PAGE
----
Drawing on a wide range of social theory, as well as empirical inputs from studies of work, neighbourhoods, events, meeting places and online self-help groups, this book suggests that communal forms are constructed on the basis of communicative, material, biographic-cultural, practice-based, and situational layers. The concept of community has long provided an important point of departure for the discipline of sociology, with the conflicting conceptions of community before and into modernity embodied in Ferdinand Tönnies’ Gemeinschaft and Gesellschaft and in Emile Dürkheim’s Mechanical and Organic Solidarity, providing the focus for debate. Other contributors have maintained an interest in communities as communions, interactional competencies, symbolic identification, tribal connection, and more recently communication. Drawing on such theoretical contributions, as well as empirical inputs, the authors develop a more nuanced concept of community, based on the notion that it is constructed from several different layers. This concept is then presented as a sociological toolbox with which to fuel approaches to examining societal challenges and change. Providing a fresh approach to a core sociological question that also has a wider societal relevance, Communal Forms will be of interest to scholars and students concerned with social issues, and for those with a more general interest in community, society and its development over time.
Table of Contents
1. The Phenomenon of Community
2. Community as Solidarity
3. Community as Integration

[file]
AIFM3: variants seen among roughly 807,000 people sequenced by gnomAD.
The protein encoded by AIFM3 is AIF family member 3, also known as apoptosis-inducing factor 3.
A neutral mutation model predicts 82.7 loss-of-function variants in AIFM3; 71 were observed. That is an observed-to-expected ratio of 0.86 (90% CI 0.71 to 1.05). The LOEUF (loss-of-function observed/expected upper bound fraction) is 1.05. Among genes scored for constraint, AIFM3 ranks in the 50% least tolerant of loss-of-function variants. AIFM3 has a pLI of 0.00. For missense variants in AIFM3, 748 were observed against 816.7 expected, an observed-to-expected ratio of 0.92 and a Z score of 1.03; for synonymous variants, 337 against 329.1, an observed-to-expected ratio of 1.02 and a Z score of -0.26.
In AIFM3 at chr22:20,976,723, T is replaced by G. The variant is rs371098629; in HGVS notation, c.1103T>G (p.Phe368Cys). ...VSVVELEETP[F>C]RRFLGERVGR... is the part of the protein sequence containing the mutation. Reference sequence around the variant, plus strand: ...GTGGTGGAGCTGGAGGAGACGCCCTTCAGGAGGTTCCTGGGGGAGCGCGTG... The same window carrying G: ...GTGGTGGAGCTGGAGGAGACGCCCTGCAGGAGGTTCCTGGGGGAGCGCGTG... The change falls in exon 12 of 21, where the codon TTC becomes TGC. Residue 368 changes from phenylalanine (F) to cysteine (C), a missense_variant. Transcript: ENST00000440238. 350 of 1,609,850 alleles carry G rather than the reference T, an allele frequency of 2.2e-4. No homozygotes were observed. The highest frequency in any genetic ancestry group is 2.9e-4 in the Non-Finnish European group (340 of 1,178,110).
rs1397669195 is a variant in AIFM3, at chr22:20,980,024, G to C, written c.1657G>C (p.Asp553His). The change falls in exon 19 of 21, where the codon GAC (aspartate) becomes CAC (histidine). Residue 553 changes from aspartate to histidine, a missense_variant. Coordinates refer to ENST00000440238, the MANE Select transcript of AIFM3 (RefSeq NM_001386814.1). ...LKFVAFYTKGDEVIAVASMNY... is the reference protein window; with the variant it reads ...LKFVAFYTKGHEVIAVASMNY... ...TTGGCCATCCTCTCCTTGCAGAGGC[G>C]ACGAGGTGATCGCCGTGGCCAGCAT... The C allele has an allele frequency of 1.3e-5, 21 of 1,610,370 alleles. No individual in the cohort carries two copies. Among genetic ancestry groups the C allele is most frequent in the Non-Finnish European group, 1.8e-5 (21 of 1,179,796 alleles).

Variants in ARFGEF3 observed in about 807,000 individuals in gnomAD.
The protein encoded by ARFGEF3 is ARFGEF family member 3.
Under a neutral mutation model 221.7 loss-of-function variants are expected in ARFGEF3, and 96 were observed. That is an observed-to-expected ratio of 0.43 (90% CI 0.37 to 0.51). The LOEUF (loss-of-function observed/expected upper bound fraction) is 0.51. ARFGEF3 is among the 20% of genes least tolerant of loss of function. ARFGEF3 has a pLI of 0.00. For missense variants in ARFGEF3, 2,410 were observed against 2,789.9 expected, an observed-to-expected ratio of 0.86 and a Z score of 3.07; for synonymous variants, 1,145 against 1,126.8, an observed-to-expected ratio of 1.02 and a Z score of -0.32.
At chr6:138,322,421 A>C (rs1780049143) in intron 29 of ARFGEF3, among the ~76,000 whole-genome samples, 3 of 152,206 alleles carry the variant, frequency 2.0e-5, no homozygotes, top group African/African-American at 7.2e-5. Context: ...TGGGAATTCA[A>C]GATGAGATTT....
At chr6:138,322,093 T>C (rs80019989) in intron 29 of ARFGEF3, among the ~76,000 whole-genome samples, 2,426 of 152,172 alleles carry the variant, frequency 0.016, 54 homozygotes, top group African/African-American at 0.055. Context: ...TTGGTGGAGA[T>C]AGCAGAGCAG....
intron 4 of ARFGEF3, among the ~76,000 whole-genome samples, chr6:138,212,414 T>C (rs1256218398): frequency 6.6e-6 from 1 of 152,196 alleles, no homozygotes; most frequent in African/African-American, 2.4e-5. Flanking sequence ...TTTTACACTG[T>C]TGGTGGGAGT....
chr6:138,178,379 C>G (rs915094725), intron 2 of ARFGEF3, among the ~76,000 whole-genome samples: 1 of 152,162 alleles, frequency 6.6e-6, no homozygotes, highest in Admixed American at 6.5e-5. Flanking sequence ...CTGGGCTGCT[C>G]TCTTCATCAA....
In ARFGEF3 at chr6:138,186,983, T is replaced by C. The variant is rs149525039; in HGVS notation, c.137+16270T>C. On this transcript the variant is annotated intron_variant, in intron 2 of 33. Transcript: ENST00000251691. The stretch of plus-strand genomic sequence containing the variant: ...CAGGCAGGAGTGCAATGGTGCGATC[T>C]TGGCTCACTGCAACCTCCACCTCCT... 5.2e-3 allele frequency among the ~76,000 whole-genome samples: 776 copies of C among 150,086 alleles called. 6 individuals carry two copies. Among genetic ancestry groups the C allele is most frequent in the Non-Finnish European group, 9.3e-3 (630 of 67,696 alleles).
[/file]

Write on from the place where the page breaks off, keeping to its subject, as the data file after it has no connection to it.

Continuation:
4. Community as Interaction
5. Community as Identification
6. Community as Communication
7. Community as Work
8. Community as Proximity
9. Community as Possibility
Aksel Tjora is Professor of Sociology at the Norwegian University of Science and Technology (NTNU) and founder and director of the Sociology Clinic in Trondheim.
Graham Scambler is Emeritus Professor of Sociology at UCL, and a Visiting Professor of Sociology at Surrey University.
"In Communal Forms Aksel Tjora and Graham Scambler take us on a sociological journey into the meaning and significance of ‘community’ in the contemporary context. They masterfully traverse and weave together key social theories on this critical topic and draw from an extraordinarily diverse and intriguing series of case studies to illuminate the highly diversified communal forms of the 21st Century. This is a book for our time, where the need to understand the power of community, has never been more acute." - Alex Broom, The University of Sydney, Australia
"The question of community becomes relevant anew with each social shift and transformation, and at the heart of this important book lies a concern with the quality of human life. Writing in a clear and engaging manner, Tjora and Scambler investigate the nuances of community as it is theorised and lived. A key strength of the book is the authors’ knack for bringing to life insights from key sociological theories of community with the help of contemporary empirical examples from a rich variety of contexts and settings, including co-working spaces, rock festivals and online self-help groups." - Vanessa May, University of Manchester, UK